How It Started
The Silk Road refers to the terrestrial and maritime routes that connect the East and the West. Precisely, it connects East Asia and Southern Asia with East Africa, West Africa, West Asia, and Southern Europe. The name silk is due to Asian silk which is the main traded good, thus influenced the creation of the trade route. The route expanded around 200 BCE when China made contact with the west, however, trade along the route came to a stall in the 18th century due to the fragmentation of the Mongol Empire and the collapse of the Safavid Empire. Following the earthquake that struck Central Asia in 1966, the effort has been made to reconstruct trade networks, majorly rail routes such as the Eurasian land bridge which spurred transportation of goods from China to Europe.
Chinese President Xi Jinping in 2013, announced the plan to construct a transcontinental trading route that will comprise of the railway (belt of overland corridors) and shipping routes (maritime road of shipping lanes). The belt and road initiative (BRI) is to connect cities in over 65 countries across Asia, Africa, and Europe. Although as of date about 75 countries as expressed participation in the plan, following President Xi’s assertion than the project is open to all countries. These countries boast of a cumulative gross domestic product of around US$ 21 trillion (about 30 percent of global GDP), a population size of 4.4 billion (62 the world’s population), and 75 percent of the world. The BRI is estimated to cost over US$1 trillion. The initiative is seen as a way of enhancing the growth of trade among countries, thus spurring economic growth and development of member countries in the process. The initiative is in its fifth year of operation with a giant stride made as well as some notable setbacks.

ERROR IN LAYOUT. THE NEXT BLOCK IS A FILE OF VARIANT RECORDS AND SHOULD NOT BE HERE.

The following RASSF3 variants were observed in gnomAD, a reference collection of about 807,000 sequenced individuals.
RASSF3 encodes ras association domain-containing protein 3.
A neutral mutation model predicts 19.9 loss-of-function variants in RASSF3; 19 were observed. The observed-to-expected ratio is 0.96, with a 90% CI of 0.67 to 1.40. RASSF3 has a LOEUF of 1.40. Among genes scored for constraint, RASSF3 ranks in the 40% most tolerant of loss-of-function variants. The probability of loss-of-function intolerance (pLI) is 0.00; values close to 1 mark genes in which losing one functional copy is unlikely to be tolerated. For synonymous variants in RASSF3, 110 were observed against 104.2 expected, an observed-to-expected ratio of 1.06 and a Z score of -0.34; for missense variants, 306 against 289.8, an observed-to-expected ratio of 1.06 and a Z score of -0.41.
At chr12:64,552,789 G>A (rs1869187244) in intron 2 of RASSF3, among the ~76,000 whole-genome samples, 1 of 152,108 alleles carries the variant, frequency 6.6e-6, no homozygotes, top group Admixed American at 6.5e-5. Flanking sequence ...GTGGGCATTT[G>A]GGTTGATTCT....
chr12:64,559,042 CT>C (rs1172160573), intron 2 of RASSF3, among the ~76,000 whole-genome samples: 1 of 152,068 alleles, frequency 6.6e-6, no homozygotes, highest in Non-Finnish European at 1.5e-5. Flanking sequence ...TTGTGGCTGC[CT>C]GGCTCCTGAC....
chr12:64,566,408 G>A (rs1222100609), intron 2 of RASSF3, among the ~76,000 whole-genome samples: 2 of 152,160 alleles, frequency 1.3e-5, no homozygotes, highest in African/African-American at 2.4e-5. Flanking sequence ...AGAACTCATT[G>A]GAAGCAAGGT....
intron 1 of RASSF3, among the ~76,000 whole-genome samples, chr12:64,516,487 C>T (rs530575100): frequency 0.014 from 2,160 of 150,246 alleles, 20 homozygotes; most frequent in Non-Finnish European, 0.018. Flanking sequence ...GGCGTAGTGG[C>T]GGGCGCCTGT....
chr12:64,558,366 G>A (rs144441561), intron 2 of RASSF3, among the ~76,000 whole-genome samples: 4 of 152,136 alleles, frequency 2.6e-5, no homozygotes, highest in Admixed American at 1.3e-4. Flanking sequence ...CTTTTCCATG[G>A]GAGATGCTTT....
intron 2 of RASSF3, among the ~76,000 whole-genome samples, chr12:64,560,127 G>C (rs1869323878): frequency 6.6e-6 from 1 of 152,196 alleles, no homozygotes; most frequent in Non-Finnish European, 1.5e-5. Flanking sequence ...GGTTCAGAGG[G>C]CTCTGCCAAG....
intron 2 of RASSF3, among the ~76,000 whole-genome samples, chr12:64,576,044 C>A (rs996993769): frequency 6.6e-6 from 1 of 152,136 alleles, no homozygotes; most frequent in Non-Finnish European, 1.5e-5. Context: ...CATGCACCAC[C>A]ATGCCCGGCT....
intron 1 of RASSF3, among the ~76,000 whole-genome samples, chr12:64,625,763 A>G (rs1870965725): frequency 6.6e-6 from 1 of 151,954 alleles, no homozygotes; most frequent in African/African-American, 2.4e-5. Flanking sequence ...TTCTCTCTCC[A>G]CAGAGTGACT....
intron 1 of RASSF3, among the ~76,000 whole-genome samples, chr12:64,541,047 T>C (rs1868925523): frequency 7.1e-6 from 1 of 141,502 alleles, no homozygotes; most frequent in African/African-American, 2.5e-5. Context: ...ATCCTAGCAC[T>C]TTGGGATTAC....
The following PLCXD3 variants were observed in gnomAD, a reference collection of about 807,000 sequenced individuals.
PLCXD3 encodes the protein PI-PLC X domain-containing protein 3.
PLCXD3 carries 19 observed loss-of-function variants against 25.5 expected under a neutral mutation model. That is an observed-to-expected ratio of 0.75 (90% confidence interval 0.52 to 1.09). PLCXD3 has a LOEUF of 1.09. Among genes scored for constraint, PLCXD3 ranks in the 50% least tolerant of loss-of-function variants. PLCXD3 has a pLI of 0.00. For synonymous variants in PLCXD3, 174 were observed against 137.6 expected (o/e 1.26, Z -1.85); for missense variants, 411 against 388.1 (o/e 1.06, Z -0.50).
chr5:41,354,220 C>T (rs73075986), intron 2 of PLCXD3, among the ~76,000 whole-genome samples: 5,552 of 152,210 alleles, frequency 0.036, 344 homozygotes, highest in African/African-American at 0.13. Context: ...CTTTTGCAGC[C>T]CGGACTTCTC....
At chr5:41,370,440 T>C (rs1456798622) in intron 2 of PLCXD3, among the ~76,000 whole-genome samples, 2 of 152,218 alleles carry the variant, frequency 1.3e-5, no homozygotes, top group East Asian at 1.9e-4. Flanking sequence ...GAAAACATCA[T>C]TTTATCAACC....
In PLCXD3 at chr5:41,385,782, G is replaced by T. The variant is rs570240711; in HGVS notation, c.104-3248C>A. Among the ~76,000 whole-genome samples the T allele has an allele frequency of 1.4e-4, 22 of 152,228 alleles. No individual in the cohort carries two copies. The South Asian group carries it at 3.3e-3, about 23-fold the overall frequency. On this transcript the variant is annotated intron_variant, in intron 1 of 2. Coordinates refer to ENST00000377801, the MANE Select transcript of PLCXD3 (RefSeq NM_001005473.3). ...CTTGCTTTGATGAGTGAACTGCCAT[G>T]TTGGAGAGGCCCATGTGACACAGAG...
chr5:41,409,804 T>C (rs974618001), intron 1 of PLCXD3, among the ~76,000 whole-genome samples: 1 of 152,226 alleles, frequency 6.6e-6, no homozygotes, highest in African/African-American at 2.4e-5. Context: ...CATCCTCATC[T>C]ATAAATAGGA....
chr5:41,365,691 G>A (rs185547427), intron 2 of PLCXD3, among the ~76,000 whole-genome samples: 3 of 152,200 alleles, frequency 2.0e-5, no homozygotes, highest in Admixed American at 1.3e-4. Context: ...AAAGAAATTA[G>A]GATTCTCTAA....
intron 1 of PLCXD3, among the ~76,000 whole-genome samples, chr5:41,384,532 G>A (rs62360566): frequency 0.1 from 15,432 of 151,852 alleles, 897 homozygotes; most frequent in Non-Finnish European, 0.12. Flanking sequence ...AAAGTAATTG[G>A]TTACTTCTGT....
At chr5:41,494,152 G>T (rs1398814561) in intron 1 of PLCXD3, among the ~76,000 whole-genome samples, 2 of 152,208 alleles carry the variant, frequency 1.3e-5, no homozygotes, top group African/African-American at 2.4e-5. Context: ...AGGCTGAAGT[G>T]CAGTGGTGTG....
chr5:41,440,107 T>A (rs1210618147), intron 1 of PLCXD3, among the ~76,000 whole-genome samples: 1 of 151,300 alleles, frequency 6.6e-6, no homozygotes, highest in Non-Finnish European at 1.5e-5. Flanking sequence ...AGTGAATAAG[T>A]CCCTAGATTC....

Four features can be identified that distinguish the Belt and Road Initiative from other trade relation plans. First, BRI takes global trade integration into the next level, unlike most regional trade relationships in which countries within similar regions form trade blocs, BRI aims at fostering trans-regional by breaking transportation barriers among regions. Thus, this is a foremost evidential drive towards integrating global trade. Second, the colossal size of the plan, according to Forbes, the project is expected to cost more than 12 times the US Marshall Plan. It covers a significant proportion of the global population and countries of the world, thus creating the largest trade network thus far in global trade relations. The third is the two routes of the plan. Interestingly the concept sounds confusing as the road aspect refers to the sea route, while the belt aspect refers to the terrestrial route. Lastly, the openness to all countries provides a physical barrier breaker for countries to effectively break into the world global market and this threatens the existing trade barriers as capture in regional trade blocs.